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3 - Eye

Published online by Cambridge University Press:  20 August 2009

Shirley Hodgson
Affiliation:
St George's Hospital Medical School, London
William Foulkes
Affiliation:
McGill University, Montréal
Charis Eng
Affiliation:
Cleveland Clinic Foundation
Eamonn Maher
Affiliation:
University of Birmingham
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Summary

The ocular tumours discussed in this section include retinoblastoma, haemangioblastoma, optic nerve glioma, meningioma and melanoma. Ocular rhabdomyosarcoma is discussed with rhabdomyosarcoma of other sites on pages 136 and 137. Genetic disorders associated with significant ocular manifestations (neoplastic and non-neoplastic) include neurofibromatosis type 1 (NF1), neurofibromatosis type 2 (NF2), von Hippel–Lindau (VHL) disease, tuberose sclerosis and familial adenomatous polyposis (see Part Three).

Retinoblastoma

Retinoblastoma is the commonest malignant ocular tumour of childhood and affects 1 per 20 000 children. The tumour is derived from primitive retinal cells (retinoblasts) and usually presents in early childhood (90 per cent before the age of 5 years). Less than 10 per cent of children with retinoblastoma have a positive family history (where inheritance is autosomal dominant), but new mutations are frequent and approximately 40 per cent of retinoblastoma patients have a genetic predisposition. Retinoblastoma holds a unique place in human cancer genetics as the paradigm of the tumour suppressor gene.

Retinoblastoma typically presents as leukocoria (white eye, cat's eye reflex) or strabismus. It is bilateral in about 30 per cent of cases, and these children have a younger age at diagnosis (mean 8 months) than those with unilateral tumour (mean 25 months). Bilateral or multifocal tumours occur in patients with germline mutations of the retinoblastoma (RB1) gene, but about 15 per cent of children with a single tumour will have a germline mutation.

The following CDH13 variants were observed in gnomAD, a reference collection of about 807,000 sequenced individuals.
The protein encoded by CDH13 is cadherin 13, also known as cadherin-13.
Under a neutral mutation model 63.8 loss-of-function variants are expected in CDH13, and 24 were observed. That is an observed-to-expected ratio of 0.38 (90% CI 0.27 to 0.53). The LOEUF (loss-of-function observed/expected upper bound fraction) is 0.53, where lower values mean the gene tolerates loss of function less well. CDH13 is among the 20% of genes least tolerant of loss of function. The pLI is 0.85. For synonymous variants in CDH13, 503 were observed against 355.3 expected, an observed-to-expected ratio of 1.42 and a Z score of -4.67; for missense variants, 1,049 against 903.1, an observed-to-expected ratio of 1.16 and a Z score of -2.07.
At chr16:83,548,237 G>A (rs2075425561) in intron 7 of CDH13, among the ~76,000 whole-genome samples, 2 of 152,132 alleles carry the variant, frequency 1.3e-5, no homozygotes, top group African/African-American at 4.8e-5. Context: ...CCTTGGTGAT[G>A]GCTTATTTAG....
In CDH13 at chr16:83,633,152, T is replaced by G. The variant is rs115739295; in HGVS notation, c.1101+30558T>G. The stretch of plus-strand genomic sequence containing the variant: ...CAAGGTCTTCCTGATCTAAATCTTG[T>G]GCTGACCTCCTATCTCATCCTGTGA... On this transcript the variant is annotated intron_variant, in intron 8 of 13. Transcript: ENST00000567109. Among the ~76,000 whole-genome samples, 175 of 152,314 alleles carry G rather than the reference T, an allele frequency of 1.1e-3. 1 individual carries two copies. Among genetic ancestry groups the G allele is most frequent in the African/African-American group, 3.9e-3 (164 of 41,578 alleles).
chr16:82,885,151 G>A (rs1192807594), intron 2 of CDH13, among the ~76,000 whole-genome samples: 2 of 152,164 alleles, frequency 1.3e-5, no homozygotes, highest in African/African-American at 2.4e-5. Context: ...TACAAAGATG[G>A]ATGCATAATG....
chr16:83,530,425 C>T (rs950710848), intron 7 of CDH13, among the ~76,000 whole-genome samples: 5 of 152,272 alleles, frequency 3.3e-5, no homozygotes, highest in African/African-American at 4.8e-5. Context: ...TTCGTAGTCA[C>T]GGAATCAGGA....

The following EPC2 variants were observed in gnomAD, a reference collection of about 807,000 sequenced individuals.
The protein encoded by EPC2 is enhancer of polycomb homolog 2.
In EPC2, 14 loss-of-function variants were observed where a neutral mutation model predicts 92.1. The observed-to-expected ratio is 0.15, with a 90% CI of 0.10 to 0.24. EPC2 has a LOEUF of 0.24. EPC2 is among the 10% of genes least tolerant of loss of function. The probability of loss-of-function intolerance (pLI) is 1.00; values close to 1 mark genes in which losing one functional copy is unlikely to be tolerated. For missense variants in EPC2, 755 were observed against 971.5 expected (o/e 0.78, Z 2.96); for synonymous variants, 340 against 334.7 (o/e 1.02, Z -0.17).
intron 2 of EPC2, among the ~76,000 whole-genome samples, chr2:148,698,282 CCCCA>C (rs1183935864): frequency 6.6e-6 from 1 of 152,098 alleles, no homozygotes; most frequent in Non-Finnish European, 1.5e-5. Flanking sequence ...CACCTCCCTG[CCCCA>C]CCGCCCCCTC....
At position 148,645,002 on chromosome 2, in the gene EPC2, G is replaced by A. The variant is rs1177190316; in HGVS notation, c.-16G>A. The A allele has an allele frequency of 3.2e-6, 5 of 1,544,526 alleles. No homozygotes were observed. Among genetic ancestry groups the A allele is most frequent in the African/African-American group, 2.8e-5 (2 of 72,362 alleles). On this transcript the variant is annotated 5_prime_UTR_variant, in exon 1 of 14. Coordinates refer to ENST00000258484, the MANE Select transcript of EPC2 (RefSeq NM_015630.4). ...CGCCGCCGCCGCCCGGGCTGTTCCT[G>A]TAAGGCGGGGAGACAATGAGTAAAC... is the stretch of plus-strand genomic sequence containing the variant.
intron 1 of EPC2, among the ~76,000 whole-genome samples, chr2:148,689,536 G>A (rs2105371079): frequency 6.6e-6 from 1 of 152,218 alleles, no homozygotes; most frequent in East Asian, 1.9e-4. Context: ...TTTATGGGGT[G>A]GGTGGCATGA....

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Publisher: Cambridge University Press
Print publication year: 2006

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  • Eye
  • Shirley Hodgson, St George's Hospital Medical School, London, William Foulkes, McGill University, Montréal, Charis Eng, Cleveland Clinic Foundation, Eamonn Maher, University of Birmingham
  • Book: A Practical Guide to Human Cancer Genetics
  • Online publication: 20 August 2009
  • Chapter DOI: https://doi.org/10.1017/CBO9780511545832.005
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  • Eye
  • Shirley Hodgson, St George's Hospital Medical School, London, William Foulkes, McGill University, Montréal, Charis Eng, Cleveland Clinic Foundation, Eamonn Maher, University of Birmingham
  • Book: A Practical Guide to Human Cancer Genetics
  • Online publication: 20 August 2009
  • Chapter DOI: https://doi.org/10.1017/CBO9780511545832.005
Available formats
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Save book to Google Drive

To save content items to your account, please confirm that you agree to abide by our usage policies. If this is the first time you use this feature, you will be asked to authorise Cambridge Core to connect with your account. Find out more about saving content to Google Drive.

  • Eye
  • Shirley Hodgson, St George's Hospital Medical School, London, William Foulkes, McGill University, Montréal, Charis Eng, Cleveland Clinic Foundation, Eamonn Maher, University of Birmingham
  • Book: A Practical Guide to Human Cancer Genetics
  • Online publication: 20 August 2009
  • Chapter DOI: https://doi.org/10.1017/CBO9780511545832.005
Available formats
×